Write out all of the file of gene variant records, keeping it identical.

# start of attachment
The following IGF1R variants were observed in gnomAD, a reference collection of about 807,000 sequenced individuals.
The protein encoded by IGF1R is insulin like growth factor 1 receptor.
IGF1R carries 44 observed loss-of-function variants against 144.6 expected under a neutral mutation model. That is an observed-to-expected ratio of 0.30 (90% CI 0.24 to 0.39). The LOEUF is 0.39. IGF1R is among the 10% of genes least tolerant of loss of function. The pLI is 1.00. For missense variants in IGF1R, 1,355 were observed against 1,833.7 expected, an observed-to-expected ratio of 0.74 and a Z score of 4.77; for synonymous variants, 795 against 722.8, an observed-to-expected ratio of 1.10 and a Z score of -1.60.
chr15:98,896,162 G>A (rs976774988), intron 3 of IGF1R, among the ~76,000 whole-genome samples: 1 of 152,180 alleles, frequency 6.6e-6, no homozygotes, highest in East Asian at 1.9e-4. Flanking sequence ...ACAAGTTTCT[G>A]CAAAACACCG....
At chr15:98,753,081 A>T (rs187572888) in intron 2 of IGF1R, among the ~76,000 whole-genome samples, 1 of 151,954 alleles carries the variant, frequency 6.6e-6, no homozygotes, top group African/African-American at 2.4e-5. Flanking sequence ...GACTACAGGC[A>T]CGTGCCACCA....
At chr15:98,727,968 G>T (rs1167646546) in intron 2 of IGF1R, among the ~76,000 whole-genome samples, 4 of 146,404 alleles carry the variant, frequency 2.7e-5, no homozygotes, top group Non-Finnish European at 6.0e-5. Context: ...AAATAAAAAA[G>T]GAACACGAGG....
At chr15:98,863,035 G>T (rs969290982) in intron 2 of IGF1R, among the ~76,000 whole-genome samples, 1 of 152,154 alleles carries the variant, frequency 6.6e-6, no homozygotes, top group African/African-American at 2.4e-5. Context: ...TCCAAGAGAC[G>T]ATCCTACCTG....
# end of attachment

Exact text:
The following IGF1R variants were observed in gnomAD, a reference collection of about 807,000 sequenced individuals.
The protein encoded by IGF1R is insulin like growth factor 1 receptor.
IGF1R carries 44 observed loss-of-function variants against 144.6 expected under a neutral mutation model. That is an observed-to-expected ratio of 0.30 (90% CI 0.24 to 0.39). The LOEUF is 0.39. IGF1R is among the 10% of genes least tolerant of loss of function. The pLI is 1.00. For missense variants in IGF1R, 1,355 were observed against 1,833.7 expected, an observed-to-expected ratio of 0.74 and a Z score of 4.77; for synonymous variants, 795 against 722.8, an observed-to-expected ratio of 1.10 and a Z score of -1.60.
chr15:98,896,162 G>A (rs976774988), intron 3 of IGF1R, among the ~76,000 whole-genome samples: 1 of 152,180 alleles, frequency 6.6e-6, no homozygotes, highest in East Asian at 1.9e-4. Flanking sequence ...ACAAGTTTCT[G>A]CAAAACACCG....
At chr15:98,753,081 A>T (rs187572888) in intron 2 of IGF1R, among the ~76,000 whole-genome samples, 1 of 151,954 alleles carries the variant, frequency 6.6e-6, no homozygotes, top group African/African-American at 2.4e-5. Flanking sequence ...GACTACAGGC[A>T]CGTGCCACCA....
At chr15:98,727,968 G>T (rs1167646546) in intron 2 of IGF1R, among the ~76,000 whole-genome samples, 4 of 146,404 alleles carry the variant, frequency 2.7e-5, no homozygotes, top group Non-Finnish European at 6.0e-5. Context: ...AAATAAAAAA[G>T]GAACACGAGG....
At chr15:98,863,035 G>T (rs969290982) in intron 2 of IGF1R, among the ~76,000 whole-genome samples, 1 of 152,154 alleles carries the variant, frequency 6.6e-6, no homozygotes, top group African/African-American at 2.4e-5. Context: ...TCCAAGAGAC[G>T]ATCCTACCTG....